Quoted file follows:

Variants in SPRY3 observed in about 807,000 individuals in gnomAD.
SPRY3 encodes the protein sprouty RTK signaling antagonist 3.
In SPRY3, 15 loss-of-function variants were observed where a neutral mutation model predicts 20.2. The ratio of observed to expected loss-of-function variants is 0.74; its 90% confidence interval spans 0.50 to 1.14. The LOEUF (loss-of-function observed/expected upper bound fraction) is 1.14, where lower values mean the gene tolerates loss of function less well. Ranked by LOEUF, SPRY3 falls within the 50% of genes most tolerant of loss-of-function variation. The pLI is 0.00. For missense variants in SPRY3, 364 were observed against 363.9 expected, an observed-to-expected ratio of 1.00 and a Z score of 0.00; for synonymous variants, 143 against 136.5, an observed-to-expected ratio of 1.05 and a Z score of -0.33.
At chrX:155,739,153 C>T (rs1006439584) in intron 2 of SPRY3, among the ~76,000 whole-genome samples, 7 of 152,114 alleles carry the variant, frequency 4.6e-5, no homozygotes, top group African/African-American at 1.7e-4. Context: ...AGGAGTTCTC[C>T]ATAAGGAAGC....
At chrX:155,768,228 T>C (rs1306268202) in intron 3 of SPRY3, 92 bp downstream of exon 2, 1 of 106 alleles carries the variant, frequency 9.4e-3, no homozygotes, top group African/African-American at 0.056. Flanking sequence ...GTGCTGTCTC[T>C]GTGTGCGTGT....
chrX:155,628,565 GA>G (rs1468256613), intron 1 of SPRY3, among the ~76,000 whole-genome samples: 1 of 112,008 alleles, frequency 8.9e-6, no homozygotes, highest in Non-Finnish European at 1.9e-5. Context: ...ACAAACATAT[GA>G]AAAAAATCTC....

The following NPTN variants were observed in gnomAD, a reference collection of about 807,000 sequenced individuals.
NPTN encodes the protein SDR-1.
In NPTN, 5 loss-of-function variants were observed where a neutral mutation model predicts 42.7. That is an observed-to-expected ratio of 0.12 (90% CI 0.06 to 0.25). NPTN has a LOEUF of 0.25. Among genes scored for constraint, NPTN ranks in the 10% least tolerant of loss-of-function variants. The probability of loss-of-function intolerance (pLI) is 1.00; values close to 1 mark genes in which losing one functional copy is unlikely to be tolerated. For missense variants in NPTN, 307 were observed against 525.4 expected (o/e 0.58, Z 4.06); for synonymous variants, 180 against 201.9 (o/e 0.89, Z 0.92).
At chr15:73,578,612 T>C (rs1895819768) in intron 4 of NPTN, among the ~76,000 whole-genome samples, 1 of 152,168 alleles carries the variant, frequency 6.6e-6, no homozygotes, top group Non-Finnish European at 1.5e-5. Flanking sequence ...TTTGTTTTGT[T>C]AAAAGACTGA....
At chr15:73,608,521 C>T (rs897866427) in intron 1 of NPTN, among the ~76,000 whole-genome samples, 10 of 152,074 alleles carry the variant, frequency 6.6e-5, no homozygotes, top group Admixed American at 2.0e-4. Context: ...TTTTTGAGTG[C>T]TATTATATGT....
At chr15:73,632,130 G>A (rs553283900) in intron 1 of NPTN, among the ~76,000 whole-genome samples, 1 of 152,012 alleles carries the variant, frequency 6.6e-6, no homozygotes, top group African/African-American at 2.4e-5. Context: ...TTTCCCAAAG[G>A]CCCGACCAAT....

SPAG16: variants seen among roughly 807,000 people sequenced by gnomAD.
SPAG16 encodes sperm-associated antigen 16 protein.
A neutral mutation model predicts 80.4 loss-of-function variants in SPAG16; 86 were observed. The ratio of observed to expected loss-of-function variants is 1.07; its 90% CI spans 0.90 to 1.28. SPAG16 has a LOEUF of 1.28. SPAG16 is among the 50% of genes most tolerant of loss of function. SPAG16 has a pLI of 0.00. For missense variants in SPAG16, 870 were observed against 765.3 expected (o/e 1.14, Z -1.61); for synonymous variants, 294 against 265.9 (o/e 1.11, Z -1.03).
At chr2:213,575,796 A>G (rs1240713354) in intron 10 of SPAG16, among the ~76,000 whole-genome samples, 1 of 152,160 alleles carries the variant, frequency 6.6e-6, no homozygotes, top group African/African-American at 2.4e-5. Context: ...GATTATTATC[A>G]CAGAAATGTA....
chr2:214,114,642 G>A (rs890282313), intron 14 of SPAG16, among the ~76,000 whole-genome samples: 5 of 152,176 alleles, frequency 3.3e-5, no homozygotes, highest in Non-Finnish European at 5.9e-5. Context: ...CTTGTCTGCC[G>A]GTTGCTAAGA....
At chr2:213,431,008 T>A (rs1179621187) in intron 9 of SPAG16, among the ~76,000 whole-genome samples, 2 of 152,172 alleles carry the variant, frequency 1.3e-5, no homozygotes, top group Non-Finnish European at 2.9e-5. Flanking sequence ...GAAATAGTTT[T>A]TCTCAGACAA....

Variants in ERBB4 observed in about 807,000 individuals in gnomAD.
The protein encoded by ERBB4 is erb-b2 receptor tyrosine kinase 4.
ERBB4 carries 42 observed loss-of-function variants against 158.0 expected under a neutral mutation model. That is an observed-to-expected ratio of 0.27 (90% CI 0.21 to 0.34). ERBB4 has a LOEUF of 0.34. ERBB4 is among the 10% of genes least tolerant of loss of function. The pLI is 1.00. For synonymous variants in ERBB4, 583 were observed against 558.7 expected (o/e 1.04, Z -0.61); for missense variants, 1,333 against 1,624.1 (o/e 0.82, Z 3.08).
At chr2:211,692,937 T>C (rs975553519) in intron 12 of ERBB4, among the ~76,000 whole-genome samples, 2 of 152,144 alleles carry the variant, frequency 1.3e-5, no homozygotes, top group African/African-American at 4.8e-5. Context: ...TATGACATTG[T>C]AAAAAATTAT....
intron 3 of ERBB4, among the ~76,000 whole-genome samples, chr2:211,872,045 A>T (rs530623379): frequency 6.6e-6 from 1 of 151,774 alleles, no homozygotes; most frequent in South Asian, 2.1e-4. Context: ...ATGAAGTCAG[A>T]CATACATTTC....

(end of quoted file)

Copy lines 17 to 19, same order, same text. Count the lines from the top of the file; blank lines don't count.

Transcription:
chr2:214,114,642 G>A (rs890282313), intron 14 of SPAG16, among the ~76,000 whole-genome samples: 5 of 152,176 alleles, frequency 3.3e-5, no homozygotes, highest in Non-Finnish European at 5.9e-5. Context: ...CTTGTCTGCC[G>A]GTTGCTAAGA....
At chr2:213,431,008 T>A (rs1179621187) in intron 9 of SPAG16, among the ~76,000 whole-genome samples, 2 of 152,172 alleles carry the variant, frequency 1.3e-5, no homozygotes, top group Non-Finnish European at 2.9e-5. Flanking sequence ...GAAATAGTTT[T>A]TCTCAGACAA....

Variants in ERBB4 observed in about 807,000 individuals in gnomAD.